February 25, 2020

Safeway Beats Former Workers’ Suit Over Missed Meal Breaks

Law360 (June 11, 2019, 10:32 PM EDT) — A California appeals court on Monday handed a win to grocery chain Safeway Inc. in a suit brought by a group of former employees challenging the company’s former policy on missed meal breaks, finding the workers hadn’t shown they were entitled to the restitution they were after.

The Second Appellate District’s published opinion – upholding a trial court’s exoneration of Safeway – puts to rest the suit brought more than a decade ago by the former Safeway and Vons employees. The workers had taken issue with their employer’s practice of failing to pay a premium rate to employees unlawfully dissuaded from taking meal breaks, according to the court filings.

The employees argued their jobs were worth less because of this practice deprived them of guaranteed premium wages, and they were therefore entitled to restitution. They sought no other remedy under California’s unfair competition law, according to the filings.

But they proposed to demonstrate that value using time-punch data and the class members’ hourly pay rates, a method that doesn’t actually show that value, the three-judge panel said in the 37-page ruling Monday.

“Appellants attempt to conflate the remedy for a statutory violation with the value of the statutory guarantee to receive that remedy,” the Second District said. “At the certification stage, they recognized this equivalence could not be established without evidence. However, appellants produced no evidence to support this equivalence in opposition to Safeway’s motion for summary adjudication.

Plaintiffs Enrique Esparza, Cathy Burns, Levon Thaxton II, and Silvia Vezaldenos brought suit in 2007. Vons is owned by Safeway, which was acquired by Albertsons several years into litigation of the workers’ case, according to the company.

Per California labor law, Safeway can’t dissuade an employee from taking a meal break. If the company does, it is required to pay that employee a premium wage equal to one hour’s pay. But prior to June 2007, Safeway didn’t pay that premium wage to employees who missed meal periods, regardless of whether they were dissuaded from taking breaks, the former employees alleged in their suite.

The company has since amended that practice, according to the filings.

The workers claimed Safeway violated the unfair competition law, looking to establish liability for the policy, not the unpaid wages, according to the filings. Vezaldenos also alleged a violation of the Labor Code Private Attorneys General Act of 2004, which permits employees to recover civil penalties for labor code violations.

The employees successfully attained class certification for their unfair competition claim, and the Second District shot down a challenge from Safeway to that certification in 2015, according to the filings. At that time, the Second District declined to consider the merits of the employees’ theory of restitution, ruling only that the class should indeed be certified.

The plaintiffs said the harm underlying their ability theory wasn’t the unpaid premium wages, it was instead premised on Safeway’s practice of ignoring the law. Such a practice harmed the class because its members were denied the value of working for an employer who abided by the law, they said.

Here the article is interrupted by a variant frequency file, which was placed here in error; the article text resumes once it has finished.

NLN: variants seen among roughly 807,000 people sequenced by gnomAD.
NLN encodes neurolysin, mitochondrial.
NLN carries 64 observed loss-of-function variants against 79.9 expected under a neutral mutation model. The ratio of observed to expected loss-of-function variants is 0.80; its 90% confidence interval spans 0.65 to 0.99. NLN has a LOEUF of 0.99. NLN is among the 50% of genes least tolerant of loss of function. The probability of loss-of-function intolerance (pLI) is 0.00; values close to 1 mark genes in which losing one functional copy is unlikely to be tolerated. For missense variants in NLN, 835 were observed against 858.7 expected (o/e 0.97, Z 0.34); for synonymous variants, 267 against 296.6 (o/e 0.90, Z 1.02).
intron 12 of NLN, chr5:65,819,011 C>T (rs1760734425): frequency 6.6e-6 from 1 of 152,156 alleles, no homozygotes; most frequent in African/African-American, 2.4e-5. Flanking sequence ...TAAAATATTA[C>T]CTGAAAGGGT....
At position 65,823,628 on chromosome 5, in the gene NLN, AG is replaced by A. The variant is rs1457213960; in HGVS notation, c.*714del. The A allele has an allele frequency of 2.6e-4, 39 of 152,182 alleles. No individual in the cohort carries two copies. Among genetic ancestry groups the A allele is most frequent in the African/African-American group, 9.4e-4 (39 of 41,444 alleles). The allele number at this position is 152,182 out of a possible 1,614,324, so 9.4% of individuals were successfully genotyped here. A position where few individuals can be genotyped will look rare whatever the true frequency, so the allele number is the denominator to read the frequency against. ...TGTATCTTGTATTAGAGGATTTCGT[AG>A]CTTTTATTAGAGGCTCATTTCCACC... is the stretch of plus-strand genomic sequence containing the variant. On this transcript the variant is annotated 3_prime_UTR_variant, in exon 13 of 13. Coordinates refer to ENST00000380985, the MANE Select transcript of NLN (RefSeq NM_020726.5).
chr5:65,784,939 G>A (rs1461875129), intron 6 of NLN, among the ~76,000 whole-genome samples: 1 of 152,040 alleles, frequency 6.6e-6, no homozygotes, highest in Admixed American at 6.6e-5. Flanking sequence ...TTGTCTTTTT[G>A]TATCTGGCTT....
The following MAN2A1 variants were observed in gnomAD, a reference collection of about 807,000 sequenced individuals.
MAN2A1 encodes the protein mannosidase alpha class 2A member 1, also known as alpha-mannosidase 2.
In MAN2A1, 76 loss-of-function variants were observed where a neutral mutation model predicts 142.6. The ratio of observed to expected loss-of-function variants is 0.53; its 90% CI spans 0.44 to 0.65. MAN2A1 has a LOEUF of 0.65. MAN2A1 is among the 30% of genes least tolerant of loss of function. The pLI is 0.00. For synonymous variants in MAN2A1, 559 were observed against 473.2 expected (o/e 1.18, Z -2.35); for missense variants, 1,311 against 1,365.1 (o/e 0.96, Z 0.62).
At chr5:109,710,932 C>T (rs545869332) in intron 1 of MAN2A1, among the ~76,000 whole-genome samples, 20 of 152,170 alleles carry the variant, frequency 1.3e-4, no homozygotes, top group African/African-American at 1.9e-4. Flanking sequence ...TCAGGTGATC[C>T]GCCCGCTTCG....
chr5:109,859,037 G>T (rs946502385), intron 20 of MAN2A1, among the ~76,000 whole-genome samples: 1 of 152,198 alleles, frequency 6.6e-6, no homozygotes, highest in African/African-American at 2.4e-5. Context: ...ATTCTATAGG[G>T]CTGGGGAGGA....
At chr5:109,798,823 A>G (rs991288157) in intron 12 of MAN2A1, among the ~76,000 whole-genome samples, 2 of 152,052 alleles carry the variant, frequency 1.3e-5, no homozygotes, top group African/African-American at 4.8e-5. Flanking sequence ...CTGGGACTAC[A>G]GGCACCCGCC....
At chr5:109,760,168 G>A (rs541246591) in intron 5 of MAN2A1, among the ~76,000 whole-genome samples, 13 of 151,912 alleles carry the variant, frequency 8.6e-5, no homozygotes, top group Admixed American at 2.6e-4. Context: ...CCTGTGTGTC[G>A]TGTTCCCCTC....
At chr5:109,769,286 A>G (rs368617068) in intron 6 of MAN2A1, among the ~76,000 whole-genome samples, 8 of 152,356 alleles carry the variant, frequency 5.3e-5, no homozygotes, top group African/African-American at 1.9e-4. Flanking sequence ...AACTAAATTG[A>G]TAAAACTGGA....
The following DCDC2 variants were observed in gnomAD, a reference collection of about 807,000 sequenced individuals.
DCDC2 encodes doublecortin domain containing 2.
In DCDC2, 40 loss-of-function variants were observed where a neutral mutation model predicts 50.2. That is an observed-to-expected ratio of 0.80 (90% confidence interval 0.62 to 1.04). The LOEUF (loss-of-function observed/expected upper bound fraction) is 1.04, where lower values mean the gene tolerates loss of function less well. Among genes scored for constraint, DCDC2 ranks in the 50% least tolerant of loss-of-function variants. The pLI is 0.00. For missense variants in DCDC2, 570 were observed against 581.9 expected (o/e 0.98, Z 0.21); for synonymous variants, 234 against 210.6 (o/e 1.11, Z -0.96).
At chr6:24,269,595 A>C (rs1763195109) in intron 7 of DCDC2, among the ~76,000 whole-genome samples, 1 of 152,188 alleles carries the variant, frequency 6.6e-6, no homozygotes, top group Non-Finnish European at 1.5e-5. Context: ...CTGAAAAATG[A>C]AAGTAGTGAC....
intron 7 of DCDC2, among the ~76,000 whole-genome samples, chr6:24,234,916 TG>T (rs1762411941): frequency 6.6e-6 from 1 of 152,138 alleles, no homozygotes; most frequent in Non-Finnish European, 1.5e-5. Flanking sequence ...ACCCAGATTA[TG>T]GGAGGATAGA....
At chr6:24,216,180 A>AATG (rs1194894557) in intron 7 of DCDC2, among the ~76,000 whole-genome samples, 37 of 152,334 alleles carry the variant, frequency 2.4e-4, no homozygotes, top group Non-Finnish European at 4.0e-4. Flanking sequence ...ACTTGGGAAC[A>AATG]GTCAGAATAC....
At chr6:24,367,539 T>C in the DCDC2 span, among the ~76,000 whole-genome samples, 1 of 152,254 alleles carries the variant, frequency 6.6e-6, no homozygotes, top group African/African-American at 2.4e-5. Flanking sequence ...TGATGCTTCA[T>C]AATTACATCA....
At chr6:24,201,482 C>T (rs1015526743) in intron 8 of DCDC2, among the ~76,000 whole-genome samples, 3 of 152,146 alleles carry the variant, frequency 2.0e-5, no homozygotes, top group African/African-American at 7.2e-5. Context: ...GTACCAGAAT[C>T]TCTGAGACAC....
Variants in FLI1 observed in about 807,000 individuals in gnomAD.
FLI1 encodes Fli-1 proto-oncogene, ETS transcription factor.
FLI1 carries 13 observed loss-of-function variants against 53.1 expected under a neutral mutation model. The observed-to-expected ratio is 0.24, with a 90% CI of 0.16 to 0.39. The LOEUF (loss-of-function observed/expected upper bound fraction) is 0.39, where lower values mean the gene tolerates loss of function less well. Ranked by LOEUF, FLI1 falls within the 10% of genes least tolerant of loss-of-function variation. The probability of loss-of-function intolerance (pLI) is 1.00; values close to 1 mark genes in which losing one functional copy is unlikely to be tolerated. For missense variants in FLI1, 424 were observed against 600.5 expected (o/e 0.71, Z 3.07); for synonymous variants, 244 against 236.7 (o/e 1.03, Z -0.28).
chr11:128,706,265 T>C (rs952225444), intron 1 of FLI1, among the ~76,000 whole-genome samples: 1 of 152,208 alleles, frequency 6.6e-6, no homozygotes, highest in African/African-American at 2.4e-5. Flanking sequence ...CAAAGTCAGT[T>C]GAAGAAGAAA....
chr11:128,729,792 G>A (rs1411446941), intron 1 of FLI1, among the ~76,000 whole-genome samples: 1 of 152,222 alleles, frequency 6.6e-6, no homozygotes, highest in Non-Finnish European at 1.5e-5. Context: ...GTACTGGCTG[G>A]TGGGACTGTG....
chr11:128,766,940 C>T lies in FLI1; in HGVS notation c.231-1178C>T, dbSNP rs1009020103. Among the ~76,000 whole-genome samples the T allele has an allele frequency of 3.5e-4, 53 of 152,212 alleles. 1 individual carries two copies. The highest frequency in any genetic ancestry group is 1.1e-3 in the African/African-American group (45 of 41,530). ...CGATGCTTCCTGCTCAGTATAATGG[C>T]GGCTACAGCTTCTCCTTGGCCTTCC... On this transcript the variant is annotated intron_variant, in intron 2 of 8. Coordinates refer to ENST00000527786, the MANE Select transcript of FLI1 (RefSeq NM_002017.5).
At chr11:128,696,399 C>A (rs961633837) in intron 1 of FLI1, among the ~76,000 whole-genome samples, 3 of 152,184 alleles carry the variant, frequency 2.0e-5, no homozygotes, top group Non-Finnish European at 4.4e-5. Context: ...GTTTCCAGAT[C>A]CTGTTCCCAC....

Judge Nora M. Manella, who also penned Monday’s opinion, wrote in the 2015 decision that the plaintiffs offered evidence that Safeway maintained a common practice or policy of failing to pay meal break premium wages when required, an allegation that indeed constitutes an unfair business practice, according to the filings. However, she emphasized at the time that they couldn’t establish liability for the policy or practice without common proof of harm that would support recovering restitution.

“Our decision did not approve the appellants’ theory of restitution,” Manella wrote Monday. “Rather, it held that for purposes of class certification, appellants had adequately demonstrated their theory did not rely on individualized proof that class members had been improperly denied meal breaks.”

Later, the trial court ruled in favor of Safeway on the unfair competition claim, finding that the appellants improperly sought recovery of premium wages without proving classwide meal period violations, per the filings. The court also ruled the Vezaldenos’ PAGA claim was time-barred.

And the trial court made no mistake in its decision, the Second District found Monday, holding that the employees had “failed to submit evidence raising a triable issue of material fact regarding whether Safeway’s no-premium-wages policy harmed the class members in a manner entitling them to … restitution.”

Jeff Brown, counsel for Safeway, told Law360 on Tuesday that he’s thrilled with the decision, noting that it’s “gratifying” that the judge who wrote Monday’s decision also authored a decision upholding certification of the class several years ago.

“What this opinion does is really clarify the first Esparza decision back in 2015, what the court of appeal was doing was finding that certification was appropriate,” he said. “They did not endorse a new theory of liability.”

Counsel for the plaintiffs didn’t immediately return requests for comment Tuesday.

Judges Nora M. Manella, Thomas L. Willhite Jr., and Audrey B. Collins sat on the panel for the Second Appellate District.

Esparza is represented by Matthew J. Matern and Mikael H. Stahle of Matern Law Group PC and James M. Finberg of Altshuler Berzon LLP.

The defendants are represented by James L. Payne, Jeffrey K. Brown, and Ray E. Boggess of Payne & Fears LLP.

The case is Esparza, et al. v. Safeway Inc., et al., case number B287927, in the California Court of Appeals for the Second Appellate District.

— Editing by Kelly Duncan.